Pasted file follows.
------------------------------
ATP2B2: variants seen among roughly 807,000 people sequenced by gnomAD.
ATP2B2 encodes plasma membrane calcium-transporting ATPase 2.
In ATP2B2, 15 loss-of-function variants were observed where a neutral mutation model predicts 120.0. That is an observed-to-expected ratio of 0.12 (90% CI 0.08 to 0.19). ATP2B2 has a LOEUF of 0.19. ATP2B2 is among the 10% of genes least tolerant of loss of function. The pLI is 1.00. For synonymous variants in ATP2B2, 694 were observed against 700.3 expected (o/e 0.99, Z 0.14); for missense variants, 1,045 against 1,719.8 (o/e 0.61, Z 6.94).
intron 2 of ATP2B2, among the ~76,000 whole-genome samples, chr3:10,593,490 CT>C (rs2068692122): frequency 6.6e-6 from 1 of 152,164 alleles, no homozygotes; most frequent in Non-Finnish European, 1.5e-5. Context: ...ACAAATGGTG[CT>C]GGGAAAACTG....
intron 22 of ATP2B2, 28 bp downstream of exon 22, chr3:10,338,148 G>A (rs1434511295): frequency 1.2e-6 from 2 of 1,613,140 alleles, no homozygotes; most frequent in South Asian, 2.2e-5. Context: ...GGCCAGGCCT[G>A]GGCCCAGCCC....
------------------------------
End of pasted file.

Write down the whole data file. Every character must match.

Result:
ATP2B2: variants seen among roughly 807,000 people sequenced by gnomAD.
ATP2B2 encodes plasma membrane calcium-transporting ATPase 2.
In ATP2B2, 15 loss-of-function variants were observed where a neutral mutation model predicts 120.0. That is an observed-to-expected ratio of 0.12 (90% CI 0.08 to 0.19). ATP2B2 has a LOEUF of 0.19. ATP2B2 is among the 10% of genes least tolerant of loss of function. The pLI is 1.00. For synonymous variants in ATP2B2, 694 were observed against 700.3 expected (o/e 0.99, Z 0.14); for missense variants, 1,045 against 1,719.8 (o/e 0.61, Z 6.94).
intron 2 of ATP2B2, among the ~76,000 whole-genome samples, chr3:10,593,490 CT>C (rs2068692122): frequency 6.6e-6 from 1 of 152,164 alleles, no homozygotes; most frequent in Non-Finnish European, 1.5e-5. Context: ...ACAAATGGTG[CT>C]GGGAAAACTG....
intron 22 of ATP2B2, 28 bp downstream of exon 22, chr3:10,338,148 G>A (rs1434511295): frequency 1.2e-6 from 2 of 1,613,140 alleles, no homozygotes; most frequent in South Asian, 2.2e-5. Context: ...GGCCAGGCCT[G>A]GGCCCAGCCC....